Become a member
Log in
Prov Tests Prov
The Licence Game
The Road Signs Game
Licence theory
The road to your licence
Road signs
Find a traffic school
Gift vouchers


In this introduction you will learn some of the basic traffic rules and most commonly used terms. This will help you understand the rest of the driver's licence theory in the best possible way.

Definition of a road and road user

A road for motor vehicles consists of a carriageway with one or several lanes, and sometimes a shoulder (also known as a hard shoulder or verge) outside the carriageway.

Lanes, carriageway, hard shoulder and road

  • The lanes are the fields where cars, trucks, busses and other motor vehicles drive.
  • The carriageway is all the lanes put together.
  • The hard shoulder is the part of the road which is outside the carriageway.
  • The road is everything (lanes, carriageway and hard shoulder) put together.

A road for motor vehicles consists of a carriageway with one or several lanes, and sometimes a shoulder outside the carriageway

Road user

Everyone travelling or staying on a road is considered a road user. Vehicle drivers, passengers, pedestrians, road workers, cyclists, horse riders and skateboarders are all road users when on a road.

Definition of a vehicle

A vehicle is a means of transport which is used for transport on the ground and which does not run on rails. This means that airplanes, ships, trains and trams are not considered vehicles.

Examples of vehicles

  • Car
  • Truck
  • Motorcycle
  • Bus
  • Cycle
  • Sidecar
  • Horse-drawn vehicle
  • Trailer
  • Towed vehicle

Defensive driving

The safest way to drive is called defensive driving. Driving defensively means that you drive calmly and calculatedly, without taking unnecessary risks, and with an adapted speed. It also means that you drive with good safety margins, have good supervision both forwards and backwards and that you are always ready to act.

By driving defensively you lower the risk of surprising others as well being taken by surprise yourself, which contributes to increased traffic safety.

The safest way to drive is called defensive driving

In short, driving defensively means that you:

  • Drive calmly
  • Plan several steps ahead
  • Avoid risks
  • Drive with good safety margins
  • Adapt your speed
  • Have good supervision both forwards and backwards
  • Are always ready to act

Order of priority

If you are driving and encounter several instructions at the same time, the following order of priority applies:

  1. Police officer's signal
  2. Traffic signals (light and sound signals)
  3. Road signs
  4. General traffic rules (for example the priority to the right rule)

Of all the signals you can encounter while driving, a police officer's signal has the highest priority. It applies before traffic signals, road signs and general traffic rules. If you approach a junction and a police officer signals for you to keep driving, you should keep driving, even if there is a red light and stop sign posted next to the junction.

A police officer's signal has the highest priority


Your speed is crucial to the difficulty level of your driving. With a properly adapted speed, you get more time to plan your driving, your awareness increases and other road users get more time to discover you.

General speed rules

  1. You must always maintain a speed that is adapted to the traffic situation and that does not exceed the speed limit.
  2. You must always take visibility, road surface conditions, your car's condition, other road users and general traffic conditions into account.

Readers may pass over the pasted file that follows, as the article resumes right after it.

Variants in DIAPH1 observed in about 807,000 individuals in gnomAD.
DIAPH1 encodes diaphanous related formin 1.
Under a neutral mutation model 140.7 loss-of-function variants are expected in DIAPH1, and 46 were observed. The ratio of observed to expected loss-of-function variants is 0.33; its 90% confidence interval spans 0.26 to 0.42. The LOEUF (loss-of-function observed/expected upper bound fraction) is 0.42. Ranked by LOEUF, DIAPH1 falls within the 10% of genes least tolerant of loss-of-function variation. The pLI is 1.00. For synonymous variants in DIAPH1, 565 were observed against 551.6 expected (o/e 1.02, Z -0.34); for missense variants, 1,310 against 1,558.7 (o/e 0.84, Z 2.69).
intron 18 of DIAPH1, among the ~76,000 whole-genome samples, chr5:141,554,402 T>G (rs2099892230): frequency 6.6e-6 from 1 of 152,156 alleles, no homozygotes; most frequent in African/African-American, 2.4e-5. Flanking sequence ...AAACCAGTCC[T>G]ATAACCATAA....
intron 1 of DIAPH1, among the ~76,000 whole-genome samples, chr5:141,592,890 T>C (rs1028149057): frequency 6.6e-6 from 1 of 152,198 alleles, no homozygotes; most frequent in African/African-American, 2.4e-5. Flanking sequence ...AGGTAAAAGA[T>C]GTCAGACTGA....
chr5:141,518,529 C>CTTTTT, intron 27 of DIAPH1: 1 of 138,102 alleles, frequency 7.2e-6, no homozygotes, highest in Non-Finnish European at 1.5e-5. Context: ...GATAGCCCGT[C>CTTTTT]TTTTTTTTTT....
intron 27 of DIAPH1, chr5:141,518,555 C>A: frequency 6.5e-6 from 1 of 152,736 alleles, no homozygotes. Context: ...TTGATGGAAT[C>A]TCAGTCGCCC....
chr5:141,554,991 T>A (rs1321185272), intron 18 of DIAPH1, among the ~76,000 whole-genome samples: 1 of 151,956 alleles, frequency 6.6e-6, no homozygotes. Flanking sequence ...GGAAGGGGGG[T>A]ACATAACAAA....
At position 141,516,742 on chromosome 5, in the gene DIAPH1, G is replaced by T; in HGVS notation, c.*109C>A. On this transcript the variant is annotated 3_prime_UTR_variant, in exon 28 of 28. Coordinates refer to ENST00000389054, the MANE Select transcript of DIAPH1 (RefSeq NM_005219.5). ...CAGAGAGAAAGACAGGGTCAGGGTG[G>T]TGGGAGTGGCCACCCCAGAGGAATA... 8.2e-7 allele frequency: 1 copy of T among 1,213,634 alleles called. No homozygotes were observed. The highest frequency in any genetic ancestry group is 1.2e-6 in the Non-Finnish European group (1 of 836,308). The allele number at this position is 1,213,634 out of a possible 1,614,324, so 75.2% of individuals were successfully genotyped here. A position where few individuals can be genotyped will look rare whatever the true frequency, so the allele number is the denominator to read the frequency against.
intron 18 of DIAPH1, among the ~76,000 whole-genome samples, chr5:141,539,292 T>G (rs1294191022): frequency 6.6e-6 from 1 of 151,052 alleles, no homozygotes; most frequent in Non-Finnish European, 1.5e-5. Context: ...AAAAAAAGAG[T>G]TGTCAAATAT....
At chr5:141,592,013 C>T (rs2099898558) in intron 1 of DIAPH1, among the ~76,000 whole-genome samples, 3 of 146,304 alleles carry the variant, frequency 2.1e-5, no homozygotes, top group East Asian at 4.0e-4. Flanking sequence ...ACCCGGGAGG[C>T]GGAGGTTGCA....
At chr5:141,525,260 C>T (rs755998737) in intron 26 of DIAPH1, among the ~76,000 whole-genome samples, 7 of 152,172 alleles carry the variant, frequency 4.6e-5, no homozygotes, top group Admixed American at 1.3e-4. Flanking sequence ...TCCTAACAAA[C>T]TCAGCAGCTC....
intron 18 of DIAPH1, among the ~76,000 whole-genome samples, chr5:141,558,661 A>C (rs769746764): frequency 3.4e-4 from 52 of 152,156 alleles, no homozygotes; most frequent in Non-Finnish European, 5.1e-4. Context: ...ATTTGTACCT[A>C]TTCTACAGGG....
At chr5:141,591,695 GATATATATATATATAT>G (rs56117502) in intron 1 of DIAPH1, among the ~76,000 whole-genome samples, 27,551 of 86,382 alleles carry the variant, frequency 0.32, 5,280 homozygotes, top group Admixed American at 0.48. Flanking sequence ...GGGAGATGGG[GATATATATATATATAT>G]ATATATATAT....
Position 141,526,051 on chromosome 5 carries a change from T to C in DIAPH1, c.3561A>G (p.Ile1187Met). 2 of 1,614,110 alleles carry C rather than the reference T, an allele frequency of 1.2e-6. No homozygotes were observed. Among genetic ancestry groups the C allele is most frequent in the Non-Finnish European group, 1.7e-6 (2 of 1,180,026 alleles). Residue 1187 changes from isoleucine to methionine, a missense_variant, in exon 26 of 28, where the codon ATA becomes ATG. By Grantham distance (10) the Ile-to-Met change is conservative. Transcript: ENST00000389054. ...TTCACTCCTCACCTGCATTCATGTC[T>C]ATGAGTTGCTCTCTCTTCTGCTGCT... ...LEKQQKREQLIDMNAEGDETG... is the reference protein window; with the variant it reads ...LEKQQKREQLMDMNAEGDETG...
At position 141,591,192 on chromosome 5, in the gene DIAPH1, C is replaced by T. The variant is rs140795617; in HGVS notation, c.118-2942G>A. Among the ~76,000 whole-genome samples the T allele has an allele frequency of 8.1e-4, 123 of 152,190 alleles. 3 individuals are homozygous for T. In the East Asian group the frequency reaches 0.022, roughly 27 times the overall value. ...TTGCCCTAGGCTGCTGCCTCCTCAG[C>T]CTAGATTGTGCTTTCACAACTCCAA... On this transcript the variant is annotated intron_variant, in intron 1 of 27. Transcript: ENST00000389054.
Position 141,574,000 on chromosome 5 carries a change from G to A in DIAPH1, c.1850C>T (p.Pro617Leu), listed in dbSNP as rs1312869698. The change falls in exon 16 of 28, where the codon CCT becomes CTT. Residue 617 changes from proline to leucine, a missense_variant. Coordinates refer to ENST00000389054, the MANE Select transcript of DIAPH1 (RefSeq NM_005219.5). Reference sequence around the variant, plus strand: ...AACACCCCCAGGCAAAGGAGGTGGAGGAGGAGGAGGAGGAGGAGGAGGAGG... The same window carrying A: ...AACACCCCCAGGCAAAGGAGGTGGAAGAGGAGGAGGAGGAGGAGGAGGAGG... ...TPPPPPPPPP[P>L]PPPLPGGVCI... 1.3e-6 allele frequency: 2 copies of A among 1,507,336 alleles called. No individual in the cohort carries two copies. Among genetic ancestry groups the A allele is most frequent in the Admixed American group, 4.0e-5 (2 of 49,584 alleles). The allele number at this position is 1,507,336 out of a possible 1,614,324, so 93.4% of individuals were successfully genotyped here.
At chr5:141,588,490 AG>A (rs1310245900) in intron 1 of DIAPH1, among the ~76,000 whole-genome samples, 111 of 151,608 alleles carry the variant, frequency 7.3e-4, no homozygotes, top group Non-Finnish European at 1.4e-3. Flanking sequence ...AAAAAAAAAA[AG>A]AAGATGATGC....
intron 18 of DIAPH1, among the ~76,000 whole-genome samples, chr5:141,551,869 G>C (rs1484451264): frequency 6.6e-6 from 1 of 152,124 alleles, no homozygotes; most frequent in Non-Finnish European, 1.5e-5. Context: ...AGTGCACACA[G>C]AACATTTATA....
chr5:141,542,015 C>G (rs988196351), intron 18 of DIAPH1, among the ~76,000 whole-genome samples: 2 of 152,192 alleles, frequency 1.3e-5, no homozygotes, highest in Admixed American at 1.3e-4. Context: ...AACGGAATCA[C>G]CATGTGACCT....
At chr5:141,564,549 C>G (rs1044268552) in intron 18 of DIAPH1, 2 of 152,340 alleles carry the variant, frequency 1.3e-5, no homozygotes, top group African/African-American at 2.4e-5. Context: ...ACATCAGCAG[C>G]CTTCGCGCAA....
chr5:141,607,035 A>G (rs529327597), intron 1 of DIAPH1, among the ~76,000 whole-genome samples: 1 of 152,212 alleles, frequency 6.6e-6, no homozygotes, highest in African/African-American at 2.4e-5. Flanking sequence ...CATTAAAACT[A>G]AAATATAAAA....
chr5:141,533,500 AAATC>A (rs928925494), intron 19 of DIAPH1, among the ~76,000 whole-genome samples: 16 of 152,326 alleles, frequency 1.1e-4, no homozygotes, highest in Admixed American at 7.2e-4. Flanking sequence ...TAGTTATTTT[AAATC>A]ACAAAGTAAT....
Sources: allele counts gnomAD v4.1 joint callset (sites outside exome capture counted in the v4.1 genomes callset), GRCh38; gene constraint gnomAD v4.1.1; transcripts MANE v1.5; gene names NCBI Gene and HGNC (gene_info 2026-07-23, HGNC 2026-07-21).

3. You must always have control of your car and be able to stop within the part of the road that you can oversee and in front of any obstacles that can be foreseen.

Basic speed limits

If no speed limit is specified, or if a road sign with a speed limit is destroyed or covered by snow, then the basic speed limit applies.

The basic speed limit is 50 km/h in densely built-up areas and 70 km/h outside of densely built-up areas. On many roads other speed limits apply, but they are then clearly indicated on a road sign or similar device.

Speed limits on road signs always apply until the next road sign with a changed speed limit.

The basic speed limit in densely built-up areas is 50 km/h

Sufficiently low speed

The law contains 15 specific situations and places where you must maintain a sufficiently low speed to reduce the risk of accidents. There is no specific speed specified in the law, but you must maintain a speed that is adapted and low enough for the situation or location.

You need to maintain a sufficiently low speed:

  1. In densely built-up areas.
  2. When visibility is impaired due to darkness or bad weather conditions.
  3. At pedestrian crossings or other places where pedestrians cross the road.
  4. Where cross traffic can occur.
  5. On sharp turns.
  6. At hilltops and other places where visibility is obscured.
  7. Where there is risk of dazzle (where bright light makes it harder to see).
  8. When meeting other vehicles on narrow roads.
  9. On slippery roads.
  10. When approaching a bus, tram or school shuttle which has stopped to let passengers on or off.
  11. When approaching children on or beside the road.
  12. When approaching livestock (cows, for example) on the road.
  13. Where road work is in progress.
  14. When passing the scene of an accident.
  15. In dirty road conditions where there is risk of splashing other road users.

The law also prohibits you from driving excessively slowly or suddenly braking without cause. This means you are not allowed to drive too slowly either, if there is no obvious reason to do so, as that could surprise or hinder other drivers.

Speed table

Below is a table with the maximum speed allowed by different types of vehicles.

The following vehicles must follow the speed limit applying to the road:

- Private car.
- Light truck (light goods vehicle).
- Motorcycle.
- Light bus of 3.5 tons maximum total weight.

100 km/h

- Heavy bus exceeding 3.5 tons total weight, if all passengers older than three years have access to a seat with a seat belt.

90 km/h

- Heavy bus exceeding 3.5 tons total weight, if all passengers older than three years do not have access to a seat with a seat belt.

- Heavy truck (heavy goods vehicle) on motorway or clearway.

80 km/h

- Private car with non-braking trailer whose total weight (or kerb weight when the trailer is not loaded) does not exceed half of the car's kerb weight, maximum 750 kg.

- Private car with braking trailer or caravan.

- Motorcycle with trailer.

- Heavy truck (motorcar category vehicle) with trailer.

- Heavy truck (heavy goods vehicle) on roads other than motorway or clearway.

50 km/h

- Motorised equipment (construction equipment) class 1.

- Tractor b.

45 km/h

- Class 1 moped.

40 km/h

- Private car with non-braking trailer whose total weight (or kerb weight when the trailer is not loaded) exceeds half of the car's kerb weight.

- Tractor a.

30 km/h